Griffith (A Species in Denial, 2004, etc.) offers a treatise about the true nature of humanity and about overcoming anxieties about the world.
The author states at the outset that “this book liberates you…and all other humans from an underlying insecurity and resulting psychosis.” He goes on to explore a contradiction of human history: humanity has made incredible achievements, he says, while at the same time being “the most ferocious and malicious creatures to have ever lived on Earth!” He argues that living in such a state creates a rather bleak feeling for the average person and provides various examples of this feeling; for instance, he shows how J.D. Salinger’s protagonist, Holden Caulfield, goes through “Resignation.” Griffith’s overall question, though, is how anyone can manage to live in a world that’s so full of reflective despair: “How could we be good when all the evidence seems to unequivocally indicate that we are a deeply flawed, bad, even evil species?” Clearly, it’s not an easy question to answer, and the author succeeds in not treating the subject lightly. He includes a plethora of material for readers to absorb, including poetry, song lyrics, information on bonobos (“humans’ closest relatives”), and thoughts from thinkers from Plato to Søren Kierkegaard to E.O. Wilson. He also offers a crash course in various sociological trends, such as the environmental movement, which, he says, “removed all need to confront and think about the human state because all focus was diverted from self onto the environment.” The book does answer Griffith’s questions about the predicament of human existence, but getting to these answers is a time-consuming task. The author’s penchant for lengthy sentences can make absorbing the information difficult; in a discussion of symbols, for example, he says, “Another universally iconic symbol that can now be interpreted through the truthful lens that this explanation allows is the Statue of Liberty that stands so proudly in New York Harbor.” Allusions to Griffith’s own writings may also be speed bumps for those who haven’t read them. That said, the work as a whole provides an undeniably intriguing, well-organized investigation.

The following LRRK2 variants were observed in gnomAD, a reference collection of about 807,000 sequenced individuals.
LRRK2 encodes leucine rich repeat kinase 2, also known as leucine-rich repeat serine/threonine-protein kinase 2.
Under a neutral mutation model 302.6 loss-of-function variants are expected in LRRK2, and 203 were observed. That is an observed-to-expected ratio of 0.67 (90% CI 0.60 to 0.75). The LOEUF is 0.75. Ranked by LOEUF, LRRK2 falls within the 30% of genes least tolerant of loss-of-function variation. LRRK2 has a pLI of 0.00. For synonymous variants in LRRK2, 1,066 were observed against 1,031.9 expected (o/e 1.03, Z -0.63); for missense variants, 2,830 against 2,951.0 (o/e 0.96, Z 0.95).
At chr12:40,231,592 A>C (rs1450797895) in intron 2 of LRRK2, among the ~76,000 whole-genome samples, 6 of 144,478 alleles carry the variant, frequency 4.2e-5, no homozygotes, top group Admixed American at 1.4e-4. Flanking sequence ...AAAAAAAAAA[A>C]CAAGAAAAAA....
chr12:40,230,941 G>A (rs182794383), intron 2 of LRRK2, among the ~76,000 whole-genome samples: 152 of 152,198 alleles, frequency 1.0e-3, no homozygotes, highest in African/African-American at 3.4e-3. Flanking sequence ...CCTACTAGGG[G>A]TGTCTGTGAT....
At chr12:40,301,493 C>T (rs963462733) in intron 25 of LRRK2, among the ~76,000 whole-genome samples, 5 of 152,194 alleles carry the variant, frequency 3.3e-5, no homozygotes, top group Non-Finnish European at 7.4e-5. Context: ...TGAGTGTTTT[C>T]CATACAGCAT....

A dense but often illuminating book that provides a hopeful look at what it means to be human.